7 great tactics to keep younger employees engaged
The topic of keeping younger employees, or Millennials, engaged at work seems to have become hot issue lately. And there’s very good reason for it!
As the economy continues to recover from the doldrums, and new jobs are created across many sectors, younger workers are beginning to move on from their current positions to find jobs that match their long-term ambitions.
In fact, only 18% of Millennials say they see a future with their current employer, which isn’t good news for organisations that want to grow.
As part of our Best Employer Eastern Region Initiative, we have written about tactics that you can use to keep more experienced staff happy. But how do you deal with your younger colleagues who have different needs?
Tough task? Well, we’ve done some of the work for you. Read our advice and create a new plan of action aimed at your younger staff, who are waiting to be inspired…
Get to know them better
Your younger employees probably want different things to their older colleagues. Being of a younger generation they see life through different eyes, and many have entered the workplace through a non-traditional route due to the recession. They may also possess some of the latest knowledge and techniques gained at university or by keeping an eye on industry innovation. This may be fantastic for productivity, but younger workers may be tempted to take their talents elsewhere if they’re feeling bored. So find out what their motivations are to create a solid basis for an engagement plan.
Give them interesting work
It’s essential to give younger people work that keeps them involved. They have a fresh energy that is driving them to find the right path in their new professional lives. Although many of their jobs may not be that interesting by nature, you could shape future roles or tweak existing ones so they are more engaging. Could they support some research that’s taking place? Or could they sit on a committee of some kind?
Support a balanced life
Although no less ambitious that older generations, Millennials are conscious of striking a positive work-life balance. Creating a culture that enables younger people to get their work done (no matter how challenging it may be) so they can also still enjoy a social life can only be a positive move. It helps create a less stressful workplace, and introduces them to beneficial work habits early in their career.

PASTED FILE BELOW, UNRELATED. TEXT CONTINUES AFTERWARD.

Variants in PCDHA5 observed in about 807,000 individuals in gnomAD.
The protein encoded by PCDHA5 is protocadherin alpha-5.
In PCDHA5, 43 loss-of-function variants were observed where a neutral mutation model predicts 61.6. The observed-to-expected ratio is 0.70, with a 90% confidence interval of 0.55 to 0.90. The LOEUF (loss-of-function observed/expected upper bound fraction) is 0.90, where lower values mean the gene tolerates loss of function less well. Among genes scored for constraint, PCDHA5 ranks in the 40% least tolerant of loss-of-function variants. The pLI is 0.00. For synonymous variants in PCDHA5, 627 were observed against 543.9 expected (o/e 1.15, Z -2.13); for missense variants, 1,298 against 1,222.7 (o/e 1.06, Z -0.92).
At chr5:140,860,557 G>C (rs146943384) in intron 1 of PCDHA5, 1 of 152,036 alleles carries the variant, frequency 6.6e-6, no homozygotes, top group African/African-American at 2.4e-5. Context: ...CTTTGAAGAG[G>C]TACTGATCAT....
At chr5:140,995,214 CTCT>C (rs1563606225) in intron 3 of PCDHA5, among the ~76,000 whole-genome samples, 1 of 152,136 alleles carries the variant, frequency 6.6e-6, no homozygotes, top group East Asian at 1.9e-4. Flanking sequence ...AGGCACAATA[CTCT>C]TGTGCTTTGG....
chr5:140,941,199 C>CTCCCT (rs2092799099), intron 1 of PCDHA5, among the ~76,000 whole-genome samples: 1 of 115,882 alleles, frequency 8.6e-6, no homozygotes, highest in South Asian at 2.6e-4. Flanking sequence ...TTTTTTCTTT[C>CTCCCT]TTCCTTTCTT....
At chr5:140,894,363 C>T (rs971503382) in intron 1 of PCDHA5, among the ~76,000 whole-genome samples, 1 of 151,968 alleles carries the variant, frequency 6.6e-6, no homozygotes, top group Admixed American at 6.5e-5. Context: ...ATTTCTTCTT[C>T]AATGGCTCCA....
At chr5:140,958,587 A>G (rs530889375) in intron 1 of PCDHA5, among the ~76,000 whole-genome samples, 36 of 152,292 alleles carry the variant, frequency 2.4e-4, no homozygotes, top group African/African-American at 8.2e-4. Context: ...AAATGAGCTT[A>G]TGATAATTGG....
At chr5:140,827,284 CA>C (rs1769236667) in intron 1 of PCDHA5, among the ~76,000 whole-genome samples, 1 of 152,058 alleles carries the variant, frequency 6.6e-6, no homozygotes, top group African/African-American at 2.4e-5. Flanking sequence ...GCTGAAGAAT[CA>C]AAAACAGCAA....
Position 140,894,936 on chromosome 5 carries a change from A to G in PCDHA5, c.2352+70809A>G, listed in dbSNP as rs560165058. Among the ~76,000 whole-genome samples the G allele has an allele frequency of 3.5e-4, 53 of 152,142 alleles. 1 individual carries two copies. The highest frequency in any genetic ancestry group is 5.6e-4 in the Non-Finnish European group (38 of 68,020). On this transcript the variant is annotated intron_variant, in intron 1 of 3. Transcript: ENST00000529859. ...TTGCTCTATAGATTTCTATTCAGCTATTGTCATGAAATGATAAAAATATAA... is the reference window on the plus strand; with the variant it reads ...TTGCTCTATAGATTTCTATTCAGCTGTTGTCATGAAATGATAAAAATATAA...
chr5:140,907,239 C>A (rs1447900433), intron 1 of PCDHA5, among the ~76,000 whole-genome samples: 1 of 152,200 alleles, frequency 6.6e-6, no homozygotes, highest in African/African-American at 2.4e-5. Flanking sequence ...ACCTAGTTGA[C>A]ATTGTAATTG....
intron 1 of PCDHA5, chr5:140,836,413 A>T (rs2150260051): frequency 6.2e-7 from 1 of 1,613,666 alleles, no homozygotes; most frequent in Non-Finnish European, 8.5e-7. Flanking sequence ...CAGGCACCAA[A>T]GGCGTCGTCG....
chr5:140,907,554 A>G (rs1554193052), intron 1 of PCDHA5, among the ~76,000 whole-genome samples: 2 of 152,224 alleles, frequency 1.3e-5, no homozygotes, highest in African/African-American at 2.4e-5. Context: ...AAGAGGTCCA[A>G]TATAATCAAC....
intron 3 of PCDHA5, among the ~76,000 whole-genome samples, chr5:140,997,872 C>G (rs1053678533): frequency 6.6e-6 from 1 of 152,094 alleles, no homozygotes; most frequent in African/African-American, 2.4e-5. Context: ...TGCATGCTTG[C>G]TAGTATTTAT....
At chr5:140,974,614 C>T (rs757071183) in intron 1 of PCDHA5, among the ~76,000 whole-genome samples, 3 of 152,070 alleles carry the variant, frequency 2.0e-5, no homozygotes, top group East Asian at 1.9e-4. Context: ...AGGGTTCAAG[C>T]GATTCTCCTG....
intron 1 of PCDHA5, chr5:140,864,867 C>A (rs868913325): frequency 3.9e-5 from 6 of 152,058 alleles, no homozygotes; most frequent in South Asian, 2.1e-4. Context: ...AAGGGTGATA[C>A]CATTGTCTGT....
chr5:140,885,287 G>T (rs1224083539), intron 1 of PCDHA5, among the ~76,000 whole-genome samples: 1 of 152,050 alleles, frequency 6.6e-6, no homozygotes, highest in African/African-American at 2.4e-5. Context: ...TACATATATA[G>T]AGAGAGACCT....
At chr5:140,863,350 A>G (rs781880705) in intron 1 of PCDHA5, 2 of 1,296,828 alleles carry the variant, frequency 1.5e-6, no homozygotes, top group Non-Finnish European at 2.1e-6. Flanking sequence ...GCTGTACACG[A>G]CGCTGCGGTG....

Many of our younger workers have spent their early careers watching negative news stories of mismanaged businesses as the credit crunch took hold. They’re very mindful of choosing a good employer, and want their bosses to demonstrate ethics, responsibility and deliver on their promises.
Give them context
Many junior workers are yet to develop a broader perspective of where their job fits into the bigger picture. But helping them understand how they contribute to the organisation will make them feel more valued. The bottom of ladder isn’t necessarily an easy place to be if you’re rarely inspired or feel part of the broader vision.
Let them collaborate
Teamwork seems to be a big draw for younger staff. Providing them with opportunities to work together with different colleagues keeps them stimulated. Adding social elements to collaboration such as working over lunch or in a café may also give workers the informal atmosphere that they many will love.
Offer great development opportunities
Many smart younger people aren’t content with plugging away in dull roles waiting for opportunities for promotion. They’re switched on and driven, and they want to develop their skills. Don’t risk losing these lively minds; think about their future too, and give them frequent opportunities to develop and train. Then back it up by recognising their progress, and making sure they hear about suitable internal vacancies
There’s so much that can be done to keep Millennials engaged at work. It may take a shift in more traditional ways of working, but it will probably pay off in the long run!
**Of course all generations show some or all of these chracteristics and age doesn’t necessarily define an individuals approach or attitude**